Single MRI-based brain scan could diagnose Alzheimer’s disease, says study

Alzheimer’s disease could be diagnosed from a single MRI brain scan, according to a new study by Imperial College London.

Using machine learning technology, researchers were able to examine structural features of the brain, including regions that are not traditionally associated with Alzheimer’s. The simplicity of this process, scientists suggest, could aid clinicians in identifying the disease at an early stage when it can be challenging to diagnose.

As the most common form of dementia, Alzheimer’s disease affects more than half a million people in the UK. While it is most commonly seen in patients over the age of 65, those under this age threshold can also develop the disease. Frequent symptoms include memory loss and thinking, problem solving, and language difficulties.

There is no cure for Alzheimer’s disease, so early diagnosis is critical. Catching the condition at an early stage gives patients a chance to access support, arrange treatment to manage their symptoms, and plan for the future.

In the study, researchers found that in 98% of cases, the MRI-based machine learning system alone could accurately predict whether the patient had Alzheimer’s disease or not. The system was also able to distinguish between early and late-stage Alzheimer’s in 79% of patients.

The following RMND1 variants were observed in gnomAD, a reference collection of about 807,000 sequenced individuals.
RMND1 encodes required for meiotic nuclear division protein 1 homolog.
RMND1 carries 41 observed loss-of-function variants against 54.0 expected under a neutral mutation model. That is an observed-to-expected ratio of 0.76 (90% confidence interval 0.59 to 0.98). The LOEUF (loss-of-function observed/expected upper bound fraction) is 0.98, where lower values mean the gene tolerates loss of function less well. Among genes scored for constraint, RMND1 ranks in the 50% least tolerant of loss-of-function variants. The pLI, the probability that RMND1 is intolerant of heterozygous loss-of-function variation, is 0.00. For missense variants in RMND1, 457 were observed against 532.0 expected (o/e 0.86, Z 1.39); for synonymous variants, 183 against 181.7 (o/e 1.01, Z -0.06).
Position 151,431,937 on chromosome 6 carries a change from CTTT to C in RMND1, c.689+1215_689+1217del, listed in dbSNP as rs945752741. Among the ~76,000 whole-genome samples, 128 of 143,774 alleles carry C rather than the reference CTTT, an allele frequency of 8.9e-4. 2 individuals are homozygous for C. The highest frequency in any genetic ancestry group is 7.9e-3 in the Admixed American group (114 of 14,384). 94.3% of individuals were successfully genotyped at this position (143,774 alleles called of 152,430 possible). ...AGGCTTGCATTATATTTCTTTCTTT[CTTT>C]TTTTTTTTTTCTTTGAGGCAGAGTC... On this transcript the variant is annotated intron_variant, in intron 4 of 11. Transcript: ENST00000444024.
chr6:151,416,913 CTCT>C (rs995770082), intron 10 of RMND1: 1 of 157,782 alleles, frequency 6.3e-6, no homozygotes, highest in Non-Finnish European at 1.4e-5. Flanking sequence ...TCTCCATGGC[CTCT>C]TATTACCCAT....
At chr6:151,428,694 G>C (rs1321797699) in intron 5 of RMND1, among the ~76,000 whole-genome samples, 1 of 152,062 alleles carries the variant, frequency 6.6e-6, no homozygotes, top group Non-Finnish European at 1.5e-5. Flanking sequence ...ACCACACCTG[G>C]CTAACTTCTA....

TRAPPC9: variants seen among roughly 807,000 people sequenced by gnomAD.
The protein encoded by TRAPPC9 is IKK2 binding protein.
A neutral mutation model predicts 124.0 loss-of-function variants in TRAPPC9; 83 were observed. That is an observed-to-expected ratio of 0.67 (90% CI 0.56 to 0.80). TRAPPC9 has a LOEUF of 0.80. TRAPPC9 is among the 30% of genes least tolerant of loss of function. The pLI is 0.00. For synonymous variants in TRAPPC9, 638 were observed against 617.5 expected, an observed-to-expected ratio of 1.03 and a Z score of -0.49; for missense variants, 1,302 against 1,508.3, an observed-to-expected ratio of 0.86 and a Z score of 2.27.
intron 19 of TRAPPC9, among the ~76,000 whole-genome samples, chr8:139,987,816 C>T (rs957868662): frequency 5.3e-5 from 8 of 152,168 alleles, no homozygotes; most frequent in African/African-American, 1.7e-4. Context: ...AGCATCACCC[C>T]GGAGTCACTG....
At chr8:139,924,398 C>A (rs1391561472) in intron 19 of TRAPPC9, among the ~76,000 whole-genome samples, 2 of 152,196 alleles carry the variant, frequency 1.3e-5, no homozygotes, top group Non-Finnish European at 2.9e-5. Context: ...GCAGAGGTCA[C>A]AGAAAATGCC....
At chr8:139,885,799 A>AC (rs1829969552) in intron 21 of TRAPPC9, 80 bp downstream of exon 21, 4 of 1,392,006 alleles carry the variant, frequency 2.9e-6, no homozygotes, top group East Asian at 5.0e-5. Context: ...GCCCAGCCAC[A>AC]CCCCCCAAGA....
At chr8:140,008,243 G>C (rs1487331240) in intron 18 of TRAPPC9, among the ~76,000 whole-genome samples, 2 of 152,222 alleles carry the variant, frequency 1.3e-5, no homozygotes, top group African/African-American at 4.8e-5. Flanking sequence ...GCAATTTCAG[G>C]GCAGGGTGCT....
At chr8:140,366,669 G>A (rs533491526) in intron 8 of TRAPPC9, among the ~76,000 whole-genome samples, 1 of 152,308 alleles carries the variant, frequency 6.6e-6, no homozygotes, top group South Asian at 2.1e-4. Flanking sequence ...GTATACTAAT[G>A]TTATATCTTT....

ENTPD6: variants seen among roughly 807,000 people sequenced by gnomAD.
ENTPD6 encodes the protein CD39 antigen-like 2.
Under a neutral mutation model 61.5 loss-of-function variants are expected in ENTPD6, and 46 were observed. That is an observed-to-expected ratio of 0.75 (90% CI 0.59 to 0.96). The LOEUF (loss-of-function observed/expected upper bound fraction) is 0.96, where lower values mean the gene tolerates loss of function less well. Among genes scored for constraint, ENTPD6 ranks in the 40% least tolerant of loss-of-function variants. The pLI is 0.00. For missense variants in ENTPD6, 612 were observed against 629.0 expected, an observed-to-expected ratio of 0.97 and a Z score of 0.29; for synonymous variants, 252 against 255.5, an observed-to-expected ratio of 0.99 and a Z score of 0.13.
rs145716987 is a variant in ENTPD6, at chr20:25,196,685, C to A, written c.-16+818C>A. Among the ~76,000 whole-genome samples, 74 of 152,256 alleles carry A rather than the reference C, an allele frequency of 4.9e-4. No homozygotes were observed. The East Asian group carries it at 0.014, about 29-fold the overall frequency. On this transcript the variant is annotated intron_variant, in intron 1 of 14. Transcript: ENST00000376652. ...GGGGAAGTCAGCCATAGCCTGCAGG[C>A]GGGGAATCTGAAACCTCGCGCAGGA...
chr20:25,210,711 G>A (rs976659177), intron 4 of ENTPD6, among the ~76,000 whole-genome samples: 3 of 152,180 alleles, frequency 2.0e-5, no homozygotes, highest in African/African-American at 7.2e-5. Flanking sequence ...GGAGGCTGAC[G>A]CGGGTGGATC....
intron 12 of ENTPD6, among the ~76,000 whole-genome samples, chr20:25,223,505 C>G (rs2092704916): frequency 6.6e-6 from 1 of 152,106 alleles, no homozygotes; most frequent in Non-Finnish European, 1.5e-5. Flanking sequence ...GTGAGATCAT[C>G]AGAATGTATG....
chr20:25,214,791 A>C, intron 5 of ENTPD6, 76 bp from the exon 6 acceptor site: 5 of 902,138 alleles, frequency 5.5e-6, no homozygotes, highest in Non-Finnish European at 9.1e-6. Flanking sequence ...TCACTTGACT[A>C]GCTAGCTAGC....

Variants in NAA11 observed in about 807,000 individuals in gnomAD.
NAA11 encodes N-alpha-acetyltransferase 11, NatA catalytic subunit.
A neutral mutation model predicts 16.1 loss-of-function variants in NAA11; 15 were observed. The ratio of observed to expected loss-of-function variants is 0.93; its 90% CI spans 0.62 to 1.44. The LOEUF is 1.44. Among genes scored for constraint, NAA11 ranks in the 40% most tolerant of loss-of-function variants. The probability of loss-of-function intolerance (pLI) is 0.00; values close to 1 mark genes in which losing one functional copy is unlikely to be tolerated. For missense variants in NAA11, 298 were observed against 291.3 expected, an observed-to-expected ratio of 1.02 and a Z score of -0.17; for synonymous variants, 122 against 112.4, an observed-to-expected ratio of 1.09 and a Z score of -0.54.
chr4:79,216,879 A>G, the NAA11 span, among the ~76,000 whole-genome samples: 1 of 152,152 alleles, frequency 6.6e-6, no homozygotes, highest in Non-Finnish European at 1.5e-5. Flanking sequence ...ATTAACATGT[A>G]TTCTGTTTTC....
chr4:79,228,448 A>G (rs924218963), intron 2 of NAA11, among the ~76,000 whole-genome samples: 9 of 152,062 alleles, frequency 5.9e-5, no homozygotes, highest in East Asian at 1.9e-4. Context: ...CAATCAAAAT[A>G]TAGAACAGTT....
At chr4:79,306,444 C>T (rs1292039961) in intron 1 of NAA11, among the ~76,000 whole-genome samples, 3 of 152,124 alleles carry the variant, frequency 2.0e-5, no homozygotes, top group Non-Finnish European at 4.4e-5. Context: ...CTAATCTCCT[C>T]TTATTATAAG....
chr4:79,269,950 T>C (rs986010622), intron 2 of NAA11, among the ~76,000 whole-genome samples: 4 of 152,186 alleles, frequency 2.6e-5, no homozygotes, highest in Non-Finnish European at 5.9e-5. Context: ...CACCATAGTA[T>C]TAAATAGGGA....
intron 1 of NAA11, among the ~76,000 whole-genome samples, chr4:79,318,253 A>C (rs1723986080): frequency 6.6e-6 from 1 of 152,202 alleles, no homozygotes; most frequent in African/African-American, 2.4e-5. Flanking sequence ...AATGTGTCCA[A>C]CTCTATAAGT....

Professor Eric Aboagye, from Imperial’s Department of Surgery and Cancer, who led the research, said: “Currently no other simple and widely available methods can predict Alzheimer’s disease with this level of accuracy, so our research is an important step forward. Many patients who present with Alzheimer’s at memory clinics do also have other neurological conditions, but even within this group our system could pick out those patients who had Alzheimer’s from those who did not.

“Waiting for a diagnosis can be a horrible experience for patients and their families. If we could cut down the amount of time they have to wait, make diagnosis a simpler process, and reduce some of the uncertainty, that would help a great deal. Our new approach could also identify early-stage patients for clinical trials of new drug treatments or lifestyle changes, which is currently very hard to do.”

Moreover, accurate early diagnosis allows researchers to study important brain changes that trigger the disease, and aids in the development of new treatments and trials.

“This new MRI-based analysis method could simplify the Alzheimer’s disease diagnosis process, said Dr Richard Oakley, associate director of Research at Alzheimer’s Society. “This analysis does not require an expert to run, uses MRI brain scanning technology, which is already available, and is 98% accurate in distinguishing brain changes due to Alzheimer’s disease. This could help clinicians come to an accurate Alzheimer’s disease diagnosis more quickly and easily.”

The research is published in the Nature Portfolio Journal, Communications Medicine, and was funded through the National Institute for Health and Care Research (NIHR) Imperial Biomedical Research Centre.

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